Pop/Rock/World CD Reviews
Miriodor – Avanti! – Cuneiform Rune
Published on July 21, 2009
Miriodor – Avanti! – Cuneiform Rune 288, 60:39 ****:
(Bernard Falaise – guitar, fretless bass, mandolin, banjo, clavier, turntable; Pascal Globensky – clavier, synthesizer, piano; Rémi Leclerc – drums, samples, percussion; Nicolas Masino – bass, clavier, piano; Pierre Labbé – tenor and baritone saxophones; Marie-Chantal Leclair – soprano saxophone; Maxime St-Pierré – trumpet)
The title of Montreal ensemble Miriodor’s new album is well-named. Avanti means onward, and the hour-long Avanti! shows the rock-oriented, post-modern chamber music band continues its ongoing, 30-year cycle with steadfast artistic development. Miriodor presents an avant/new music approach similar to likeminded factions such as Univers Zéro or Henry Cow, combining improvisation with tightly structured arrangements, elements of jazz fusion with rock instrumentation, and technical virtuosity that never falls into the trap of pomposity or overindulgence.
Compared to previous releases, the track lengths on Avanti! are relatively protracted, extending between nearly seven to over ten minutes, and the payoff is that Miriodor takes full advantage by propelling the musical vision ever onward. The spacious framework allows ample room for ambition, contrast, and a larger and broader sonic canvas.
The proceedings begin with "Envoûtement" (Bewitchment), initially marked by a crackle and Pascal Globensky’s gentle synth, and then noise and a heavy metal roar rise up, akin to Vocokesh or Paik’s stout-lidded riffing. Rémi Leclerc’s thick cymbals fill any open spaces while Nicolas Masino’s bass thunders out of the speakers, and then Bernard Falaise’s guitar quickly doubles the bass. When the focal point transforms with the arrival of a programmed rhythm and the instruments suddenly turn acute in detail, the disparity is striking. Soon afterward the dark gloom circles back, before an ever-changing rhythmic section emerges, reminiscent of Frank Zappa’s Hot Rats era or Brand X’s early body of work. A folk-ish interlude, a funky groove, and an angled but maintained melody all fly past. The song finishes in a spare and witty way with a keyboard solo and a final paraphrase of the main theme. "Envoûtement" (Bewitchment) is representative of Miriodor’s compositional methodology, where each piece is divided into various recurring or thematic units differentiated by unhindered, nonlinear intervals, or the material can be intensified by deliberate and then brisk sections, odd meters, and so forth.
Second piece, "Bolide Débile" (Dare Devil), is another inspired composition, highlighted by a guest horn duo, tenor/baritone saxophonist Pierre Labbé and trumpeter Maxime St-Pierré. The sax and trumpet provide an energetic jab to the interweaved arrangement that also includes clustered keyboards, shifting guitar lines, sampled vocals, and curling bass and drum rhythms. Controlled distortion, clamorous synth streaks and striated six-string adjoin the complexity, which is mercurial but at no time overwhelming.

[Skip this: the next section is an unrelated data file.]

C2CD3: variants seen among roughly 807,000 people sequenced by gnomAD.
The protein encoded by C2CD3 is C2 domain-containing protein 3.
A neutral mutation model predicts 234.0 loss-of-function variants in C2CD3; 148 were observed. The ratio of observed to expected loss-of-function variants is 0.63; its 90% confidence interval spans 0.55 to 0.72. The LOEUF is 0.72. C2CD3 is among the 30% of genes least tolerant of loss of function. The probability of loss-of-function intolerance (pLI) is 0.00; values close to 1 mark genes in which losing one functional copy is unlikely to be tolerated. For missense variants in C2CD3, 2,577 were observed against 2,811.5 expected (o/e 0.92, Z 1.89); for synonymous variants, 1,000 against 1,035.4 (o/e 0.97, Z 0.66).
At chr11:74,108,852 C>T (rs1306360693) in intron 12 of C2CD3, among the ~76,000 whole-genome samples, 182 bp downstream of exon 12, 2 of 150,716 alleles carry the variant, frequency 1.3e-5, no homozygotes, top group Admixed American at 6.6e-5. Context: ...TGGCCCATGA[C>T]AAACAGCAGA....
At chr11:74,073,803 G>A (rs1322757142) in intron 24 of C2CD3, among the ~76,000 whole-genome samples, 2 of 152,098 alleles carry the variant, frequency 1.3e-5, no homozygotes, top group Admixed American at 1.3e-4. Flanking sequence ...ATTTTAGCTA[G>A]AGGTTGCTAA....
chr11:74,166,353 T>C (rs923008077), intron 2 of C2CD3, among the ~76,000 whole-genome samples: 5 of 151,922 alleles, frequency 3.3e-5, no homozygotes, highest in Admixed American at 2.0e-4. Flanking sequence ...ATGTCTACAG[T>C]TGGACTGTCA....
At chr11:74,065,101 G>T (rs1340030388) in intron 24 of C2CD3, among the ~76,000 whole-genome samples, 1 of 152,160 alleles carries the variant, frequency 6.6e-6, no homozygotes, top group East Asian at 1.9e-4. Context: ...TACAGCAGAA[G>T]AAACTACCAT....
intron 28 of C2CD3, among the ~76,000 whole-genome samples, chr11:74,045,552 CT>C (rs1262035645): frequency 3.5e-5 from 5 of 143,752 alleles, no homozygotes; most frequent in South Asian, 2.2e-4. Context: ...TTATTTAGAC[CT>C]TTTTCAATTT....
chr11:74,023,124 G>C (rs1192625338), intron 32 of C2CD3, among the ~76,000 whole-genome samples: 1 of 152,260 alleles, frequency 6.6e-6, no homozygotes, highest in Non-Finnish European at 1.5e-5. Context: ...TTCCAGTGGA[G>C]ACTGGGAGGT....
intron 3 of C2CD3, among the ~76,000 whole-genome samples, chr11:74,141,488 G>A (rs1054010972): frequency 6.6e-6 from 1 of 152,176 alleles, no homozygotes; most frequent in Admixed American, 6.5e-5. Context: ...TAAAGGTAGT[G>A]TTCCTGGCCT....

Soprano saxophonist Marie-Chantal Leclair, who has performed on other Miriodor projects, appears on "La Roche" (Meeting Point). After the uncomplicated main theme is introduced, Leclair enters with a series of breathy percussive effects that are countered by ghostly voices and a tempered keyboard melody. The deceitfully light arrangement, however, builds and escalates, dips and ebbs, and mounts again with Leclerc’s leaping percussion, Globensky’s shots of synth, and Falaise’s agitated guitar.
One of the record’s formidable tracks is the many-sided and multiform "Écart-Type" (Standard Deviation), crammed with motifs, points of departure, and uncurbed variations. The twisting and animated cut is ardently self-possessed, crossing from found sound instances to Middle Eastern inflections to a groove-driven funk expanse: and that’s just the first minute. Some might think that the tune stretches across too much terrain, but Miriodor is able to keep the dissimilar extensions in a sort of schizoid balance: the forthright musical repartee evokes the spirit of free-thinkers such as Peter Brötzmann or John Zorn. And yet that mischief-making outing is only a warm-up to the ten-plus minute "À Déterminer" (To Be Determined), which brims over with constantly angular interaction. The volume and intensity go up and down several different levels, with barking keyboards set off against stabs of shrieking sax, warped vocals stacked on top of forceful drums, and a gracious opening pattern that is in contention with the song’s closing mayhem.
Not to belabor the message, but the three-decades old Miriodor does not make music for the marketplace. Rather, this is an assemblage that does not care for following any expectations, other than the one where creativity is tantamount, and an artist should go wherever the muse leads.
1. Envoûtement (Bewitchment)
2. Bolide Débile (Dare Devil)
3. La Roche (Meeting Point)
4. Écart-Type (Standard Deviation)
5. À Déterminer (To Be Determined)
6. Avanti! (Onward!)
7. Réveille-Matin (Shadow of the Alarm Clock)
— Doug Simpson